Twin furrows dented Clay's brow. He'd seen too many people fail at relationshipswith parents, with spouses, with children. Enough to convince him he never wanted a family. But if what the minister said was true, he had one now. For how could he send these children to his father's home, where their life would be little better than before?
All at once Clay found it difficult to breathe. Reaching up, he tugged at his suddenly too-tight tie. He'd had this feeling of being trapped, of the walls closing in on him, twice before in his life. Once, as a kid, living under his father's roof. And again, during Army training, when he'd been locked into a small, dark room for several days during a POW simulation. In both cases, he'd survived for one simple reason: he'd known he would get out.
But there was no escape from this situation. Not if he did the right thing.
Clay knew about duty from his years in the military. Knew about it, too, from years of living in his father's house, where the phrase "doing your Christian duty" had been drummed into him. The minister had confirmed that obligation. There was no doubt in Clay's mind about what he should do.
But he wasn't sure he was up to the task.
Frustrated, Clay raked his fingers through his hair. He didn't know a thing about little kids. If Anne had listened to him and left her husband instead of letting their father shame her into staying in that mockery of a marriage, he wouldn' t be in this predicament.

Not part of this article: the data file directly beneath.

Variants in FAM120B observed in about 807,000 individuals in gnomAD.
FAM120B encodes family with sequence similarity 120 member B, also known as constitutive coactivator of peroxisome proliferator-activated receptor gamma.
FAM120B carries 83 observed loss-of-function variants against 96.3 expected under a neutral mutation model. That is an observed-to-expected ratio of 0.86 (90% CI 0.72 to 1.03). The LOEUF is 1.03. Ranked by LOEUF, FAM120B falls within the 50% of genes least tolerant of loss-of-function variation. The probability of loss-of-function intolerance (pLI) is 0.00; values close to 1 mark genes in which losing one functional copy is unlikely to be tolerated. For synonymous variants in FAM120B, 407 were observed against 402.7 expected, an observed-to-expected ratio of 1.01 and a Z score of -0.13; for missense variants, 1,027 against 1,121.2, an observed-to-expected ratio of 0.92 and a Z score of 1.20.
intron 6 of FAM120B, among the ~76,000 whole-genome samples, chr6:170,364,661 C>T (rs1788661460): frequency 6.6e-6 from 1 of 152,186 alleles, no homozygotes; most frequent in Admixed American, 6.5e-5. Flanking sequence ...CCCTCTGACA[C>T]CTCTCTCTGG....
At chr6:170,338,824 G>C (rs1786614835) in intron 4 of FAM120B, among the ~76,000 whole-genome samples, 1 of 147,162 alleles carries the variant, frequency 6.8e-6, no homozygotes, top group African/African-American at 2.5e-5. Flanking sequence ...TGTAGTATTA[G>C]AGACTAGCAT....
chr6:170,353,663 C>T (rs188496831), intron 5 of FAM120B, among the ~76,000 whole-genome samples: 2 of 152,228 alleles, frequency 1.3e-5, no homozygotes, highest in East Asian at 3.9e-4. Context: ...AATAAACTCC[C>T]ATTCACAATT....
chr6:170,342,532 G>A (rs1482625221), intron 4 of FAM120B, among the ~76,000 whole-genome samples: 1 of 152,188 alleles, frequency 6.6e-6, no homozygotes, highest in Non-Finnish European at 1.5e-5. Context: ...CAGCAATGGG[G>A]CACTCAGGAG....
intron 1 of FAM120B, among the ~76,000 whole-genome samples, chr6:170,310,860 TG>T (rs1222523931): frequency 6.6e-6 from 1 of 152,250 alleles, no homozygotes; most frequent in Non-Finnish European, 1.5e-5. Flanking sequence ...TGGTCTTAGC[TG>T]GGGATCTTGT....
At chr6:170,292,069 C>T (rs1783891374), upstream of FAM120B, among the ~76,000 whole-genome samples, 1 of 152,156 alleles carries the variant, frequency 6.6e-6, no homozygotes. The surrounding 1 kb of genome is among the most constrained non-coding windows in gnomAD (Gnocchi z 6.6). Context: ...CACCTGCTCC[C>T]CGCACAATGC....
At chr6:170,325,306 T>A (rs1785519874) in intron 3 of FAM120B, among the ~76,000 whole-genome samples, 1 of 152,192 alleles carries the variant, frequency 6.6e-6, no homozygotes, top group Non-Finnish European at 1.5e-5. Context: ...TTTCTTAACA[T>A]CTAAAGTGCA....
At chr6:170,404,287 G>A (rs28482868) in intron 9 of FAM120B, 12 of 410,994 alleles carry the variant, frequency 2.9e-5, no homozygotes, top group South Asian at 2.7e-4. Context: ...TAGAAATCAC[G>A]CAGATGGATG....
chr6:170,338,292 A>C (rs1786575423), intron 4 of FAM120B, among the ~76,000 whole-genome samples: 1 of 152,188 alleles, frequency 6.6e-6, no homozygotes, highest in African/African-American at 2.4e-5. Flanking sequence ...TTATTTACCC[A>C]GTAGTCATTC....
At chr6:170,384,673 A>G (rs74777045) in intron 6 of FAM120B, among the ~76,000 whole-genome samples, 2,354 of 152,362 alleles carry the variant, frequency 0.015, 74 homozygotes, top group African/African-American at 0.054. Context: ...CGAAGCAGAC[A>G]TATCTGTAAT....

Giving him yet another reason to resent his old man.
As the pallbearers began to roll the coffin out, Clay moved into the aisle behind it. Emily and Josh remained in the pew, watching him with big eyes. He motioned for them to follow, and Emily nudged Josh. But the little boy shook his head and burrowed closer to Emily.
Stepping back into the pew, Clay crouched beside the children. "It's time to go," he murmured.
"Josh is 'fraid," Emily whispered.
A lump rose in this throat. "Neither of you need to be afraid anymore. I'm going to take care of you. How about I carry you, Josh? That way, you can see the pretty windows in the back."
Clay held out his arms and, with a nudge from Emily, Josh edged toward him. Swinging him up, Clay was startled by how little the boy weighedand reminded yet again of the children's vulnerability and the terrifying responsibility he'd inherited.